Q & A with TGP Staff (written by Niambi & Mackenzie):
How has COVID-19 impacted your daily routine/work?
Jane: There is nothing I love more than being out in the community day-to-day and in the office feeling inspired by our TGP staff to innovate and create incredible health programming, but I also understand that I CAN contribute to keeping DC healthy right now if I do stay home. This is the perfect time to catch up on research, strategic planning, and curriculum improvements! We try to keep a strong daily routine by starting and ending each day with a Zoom staff call so we don’t lose that TGP family feel!
Tyler: I have committed to not leaving my house unless it’s for food or to exercise. It is a much more lonely existence, but it has taught me to appreciate a lot — the fact that we have technology and can still be connected, the realization that you can slow down and cook your own food (and not eat out/on the run all the time!), and the value of hanging out and socializing with neighbors, even from a distance.
Alex: In working part-time and going to graduate school full time, I am used to being out and about in DC for pretty long hours each day. With COVID-19 and the calls for self-isolation and staying in, my work and school responsibilities are all being transferred online. This is a unique shift and while, challenging in some ways, has created other interesting opportunities and some other silver linings. It’s a great opportunity to stay in my PJs all day while still getting more done, and learning how to communicate with people more creatively. I am currently bunkered down in Philly!
What are you doing to stay active and healthy while practicing social distancing?
RJ: During this time it is still very important to stay active and healthy. There are plenty of ways to be active while also social distancing! For example, everyday I try to go for a run or bike ride (making sure not to come into contact with anyone.) If the weather isn’t great, I do an indoor workout! As TGP has taught us there is more to being healthy than just being active, which is why I eat plenty of fruits, vegetables, and protein! Along with this, I have been mindful of my mental health. I’ve been making sure to take brain breaks and do fun things throughout the day, like every couple of hours I’ll go outside or play some chess against my dad! I usually lose but it’s still fun!
Alex: To stay healthy during this time, I am catching up on sleep, going for runs as often as I can, stocking up on healthy foods for meals, and finding something fun to look forward to each day (whether it’s a group FaceTime with some old friends, watching a movie I enjoy, painting my nails, or reading a good book) – something to support my mental health! Having a daily schedule and keeping busy has been really helpful too.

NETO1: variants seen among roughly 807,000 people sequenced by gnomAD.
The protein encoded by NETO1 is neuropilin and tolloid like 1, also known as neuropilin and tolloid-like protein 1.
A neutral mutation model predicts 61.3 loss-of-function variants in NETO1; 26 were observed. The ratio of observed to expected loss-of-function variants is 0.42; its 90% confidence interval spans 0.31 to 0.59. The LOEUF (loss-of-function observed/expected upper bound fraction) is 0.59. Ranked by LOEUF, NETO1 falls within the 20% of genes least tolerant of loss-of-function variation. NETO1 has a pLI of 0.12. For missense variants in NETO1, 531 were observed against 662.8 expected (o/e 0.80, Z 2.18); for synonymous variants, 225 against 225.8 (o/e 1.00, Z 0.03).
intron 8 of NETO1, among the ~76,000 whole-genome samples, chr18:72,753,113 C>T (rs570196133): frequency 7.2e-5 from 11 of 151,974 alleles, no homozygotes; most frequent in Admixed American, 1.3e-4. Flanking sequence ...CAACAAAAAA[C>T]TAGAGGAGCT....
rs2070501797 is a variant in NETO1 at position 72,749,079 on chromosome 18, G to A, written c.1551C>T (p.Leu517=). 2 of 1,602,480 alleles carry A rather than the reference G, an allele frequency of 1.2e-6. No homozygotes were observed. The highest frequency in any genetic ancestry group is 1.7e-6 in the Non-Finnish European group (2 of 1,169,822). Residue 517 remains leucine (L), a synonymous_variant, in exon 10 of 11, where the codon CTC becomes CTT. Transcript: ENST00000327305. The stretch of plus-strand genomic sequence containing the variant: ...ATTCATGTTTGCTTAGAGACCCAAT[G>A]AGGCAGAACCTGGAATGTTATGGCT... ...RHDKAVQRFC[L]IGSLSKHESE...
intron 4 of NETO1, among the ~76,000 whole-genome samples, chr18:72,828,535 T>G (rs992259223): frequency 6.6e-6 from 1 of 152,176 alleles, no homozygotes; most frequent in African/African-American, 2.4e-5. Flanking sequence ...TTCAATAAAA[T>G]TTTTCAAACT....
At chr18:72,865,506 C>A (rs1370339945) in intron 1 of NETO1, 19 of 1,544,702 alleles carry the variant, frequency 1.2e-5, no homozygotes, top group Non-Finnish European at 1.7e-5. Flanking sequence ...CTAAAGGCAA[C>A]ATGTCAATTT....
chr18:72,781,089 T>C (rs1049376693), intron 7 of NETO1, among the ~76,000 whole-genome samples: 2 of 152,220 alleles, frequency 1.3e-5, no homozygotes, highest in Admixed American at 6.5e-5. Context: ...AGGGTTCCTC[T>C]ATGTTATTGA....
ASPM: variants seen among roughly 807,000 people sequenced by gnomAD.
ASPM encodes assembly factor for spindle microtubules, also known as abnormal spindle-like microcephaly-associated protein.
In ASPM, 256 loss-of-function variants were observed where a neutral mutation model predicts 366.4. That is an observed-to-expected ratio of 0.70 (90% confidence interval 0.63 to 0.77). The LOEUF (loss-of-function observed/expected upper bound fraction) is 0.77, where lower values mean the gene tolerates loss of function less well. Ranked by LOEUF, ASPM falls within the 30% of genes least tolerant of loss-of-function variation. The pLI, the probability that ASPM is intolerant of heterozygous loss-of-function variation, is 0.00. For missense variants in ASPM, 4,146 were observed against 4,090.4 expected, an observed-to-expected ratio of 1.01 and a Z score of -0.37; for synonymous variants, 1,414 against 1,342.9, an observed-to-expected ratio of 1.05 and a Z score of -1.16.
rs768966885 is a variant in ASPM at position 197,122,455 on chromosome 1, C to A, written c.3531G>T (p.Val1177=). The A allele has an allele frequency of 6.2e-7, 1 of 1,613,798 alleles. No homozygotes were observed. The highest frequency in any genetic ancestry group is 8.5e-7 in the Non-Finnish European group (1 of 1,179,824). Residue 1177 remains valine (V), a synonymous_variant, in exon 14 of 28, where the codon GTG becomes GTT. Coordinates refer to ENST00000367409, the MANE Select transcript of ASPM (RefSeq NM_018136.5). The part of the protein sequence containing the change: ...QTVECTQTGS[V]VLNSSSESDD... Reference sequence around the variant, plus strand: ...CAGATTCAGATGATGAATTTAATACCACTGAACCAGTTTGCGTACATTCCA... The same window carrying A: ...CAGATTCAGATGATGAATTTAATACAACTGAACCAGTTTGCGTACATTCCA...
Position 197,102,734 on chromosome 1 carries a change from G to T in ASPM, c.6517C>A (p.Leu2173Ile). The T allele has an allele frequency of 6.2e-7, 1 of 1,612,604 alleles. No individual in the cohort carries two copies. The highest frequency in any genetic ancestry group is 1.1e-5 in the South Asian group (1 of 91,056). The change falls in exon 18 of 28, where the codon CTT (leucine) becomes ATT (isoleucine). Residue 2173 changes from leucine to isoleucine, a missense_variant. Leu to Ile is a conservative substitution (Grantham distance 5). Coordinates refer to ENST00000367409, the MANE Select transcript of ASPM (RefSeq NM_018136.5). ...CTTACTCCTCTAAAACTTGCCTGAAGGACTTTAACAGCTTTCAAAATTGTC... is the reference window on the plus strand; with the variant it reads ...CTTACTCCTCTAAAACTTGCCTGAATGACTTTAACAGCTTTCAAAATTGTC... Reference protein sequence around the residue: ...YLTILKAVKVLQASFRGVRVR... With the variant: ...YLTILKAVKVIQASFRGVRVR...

Jane: I am all about building community, with or without the ability to see people in person. Whether it is at-home workouts with my roommates or checking in on someone I haven’t talked to recently on FaceTime or WhatsApp, this is the time to continue building community in any way we can. I stay healthy by staying connected.
Mackenzie: Keeping a routine has been helping me stay active over the last two weeks. Each morning, afternoon, and evening I take my dog on a walk and it’s really helped me unplug, get outside, and get moving. I am also working on starting some new habits that I think I can maintain in the future, like 15 minutes of in-home yoga each morning and getting a good night of sleep each night!
Tyler: I have been eating healthy food and have done a lot of running. TGP is going to be part of the upcoming Marine Corps Marathon, and I am trying to work up the fitness to be able to run again.
What are you doing to balance school/work?
Justin: I am balancing work and school by waking up early and staying on my daily school schedule of 8:45 am – 12:52 pm then taking a break before clocking in to do TGP work from 2 pm – 5 pm. The break in between used to be my commute time going into work, now I can use that time more effectively. I plan ahead to get most of my work completed before starting TGP work in the afternoon.
Niambi: What I’ve been doing lately to balance school and work is just scheduling/planning everything out so I can have enough time to get everything done. For example, I wake up at 11 am and check my emails and complete any assignments my teachers have emailed me, and then I check my emails from TGP and for any Urban Alliance updates, then I begin working on my TGP tasks for the day.